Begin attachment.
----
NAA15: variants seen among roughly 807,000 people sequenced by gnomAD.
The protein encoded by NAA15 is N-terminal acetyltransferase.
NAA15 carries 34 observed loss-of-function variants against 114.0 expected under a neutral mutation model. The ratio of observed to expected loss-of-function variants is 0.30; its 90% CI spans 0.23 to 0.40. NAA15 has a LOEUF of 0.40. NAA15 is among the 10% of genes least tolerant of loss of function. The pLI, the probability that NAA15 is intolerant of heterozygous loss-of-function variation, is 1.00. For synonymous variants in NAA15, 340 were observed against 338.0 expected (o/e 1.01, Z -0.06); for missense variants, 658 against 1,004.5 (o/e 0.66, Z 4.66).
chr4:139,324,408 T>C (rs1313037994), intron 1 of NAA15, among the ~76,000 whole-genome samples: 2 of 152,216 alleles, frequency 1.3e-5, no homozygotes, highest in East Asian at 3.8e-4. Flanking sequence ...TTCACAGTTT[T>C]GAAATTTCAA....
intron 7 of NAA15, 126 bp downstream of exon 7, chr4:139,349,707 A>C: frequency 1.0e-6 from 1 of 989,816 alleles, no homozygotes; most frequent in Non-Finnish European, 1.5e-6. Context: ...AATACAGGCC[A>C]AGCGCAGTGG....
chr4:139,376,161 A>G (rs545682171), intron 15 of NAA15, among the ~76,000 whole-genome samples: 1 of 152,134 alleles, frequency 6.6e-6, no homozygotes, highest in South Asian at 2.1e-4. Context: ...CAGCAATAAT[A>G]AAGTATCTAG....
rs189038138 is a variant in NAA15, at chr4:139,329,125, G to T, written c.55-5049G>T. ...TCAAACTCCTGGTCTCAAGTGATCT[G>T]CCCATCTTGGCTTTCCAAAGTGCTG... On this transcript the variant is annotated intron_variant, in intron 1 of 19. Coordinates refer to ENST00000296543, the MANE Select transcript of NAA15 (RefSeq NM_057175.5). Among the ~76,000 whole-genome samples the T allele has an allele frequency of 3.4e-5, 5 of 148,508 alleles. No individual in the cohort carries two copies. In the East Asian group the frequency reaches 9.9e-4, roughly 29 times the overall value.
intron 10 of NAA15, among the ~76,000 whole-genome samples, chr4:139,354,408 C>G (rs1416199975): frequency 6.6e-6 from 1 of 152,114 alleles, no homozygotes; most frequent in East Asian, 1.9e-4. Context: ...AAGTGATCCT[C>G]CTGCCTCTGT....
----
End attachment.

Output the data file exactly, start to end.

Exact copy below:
NAA15: variants seen among roughly 807,000 people sequenced by gnomAD.
The protein encoded by NAA15 is N-terminal acetyltransferase.
NAA15 carries 34 observed loss-of-function variants against 114.0 expected under a neutral mutation model. The ratio of observed to expected loss-of-function variants is 0.30; its 90% CI spans 0.23 to 0.40. NAA15 has a LOEUF of 0.40. NAA15 is among the 10% of genes least tolerant of loss of function. The pLI, the probability that NAA15 is intolerant of heterozygous loss-of-function variation, is 1.00. For synonymous variants in NAA15, 340 were observed against 338.0 expected (o/e 1.01, Z -0.06); for missense variants, 658 against 1,004.5 (o/e 0.66, Z 4.66).
chr4:139,324,408 T>C (rs1313037994), intron 1 of NAA15, among the ~76,000 whole-genome samples: 2 of 152,216 alleles, frequency 1.3e-5, no homozygotes, highest in East Asian at 3.8e-4. Flanking sequence ...TTCACAGTTT[T>C]GAAATTTCAA....
intron 7 of NAA15, 126 bp downstream of exon 7, chr4:139,349,707 A>C: frequency 1.0e-6 from 1 of 989,816 alleles, no homozygotes; most frequent in Non-Finnish European, 1.5e-6. Context: ...AATACAGGCC[A>C]AGCGCAGTGG....
chr4:139,376,161 A>G (rs545682171), intron 15 of NAA15, among the ~76,000 whole-genome samples: 1 of 152,134 alleles, frequency 6.6e-6, no homozygotes, highest in South Asian at 2.1e-4. Context: ...CAGCAATAAT[A>G]AAGTATCTAG....
rs189038138 is a variant in NAA15, at chr4:139,329,125, G to T, written c.55-5049G>T. ...TCAAACTCCTGGTCTCAAGTGATCT[G>T]CCCATCTTGGCTTTCCAAAGTGCTG... On this transcript the variant is annotated intron_variant, in intron 1 of 19. Coordinates refer to ENST00000296543, the MANE Select transcript of NAA15 (RefSeq NM_057175.5). Among the ~76,000 whole-genome samples the T allele has an allele frequency of 3.4e-5, 5 of 148,508 alleles. No individual in the cohort carries two copies. In the East Asian group the frequency reaches 9.9e-4, roughly 29 times the overall value.
intron 10 of NAA15, among the ~76,000 whole-genome samples, chr4:139,354,408 C>G (rs1416199975): frequency 6.6e-6 from 1 of 152,114 alleles, no homozygotes; most frequent in East Asian, 1.9e-4. Context: ...AAGTGATCCT[C>G]CTGCCTCTGT....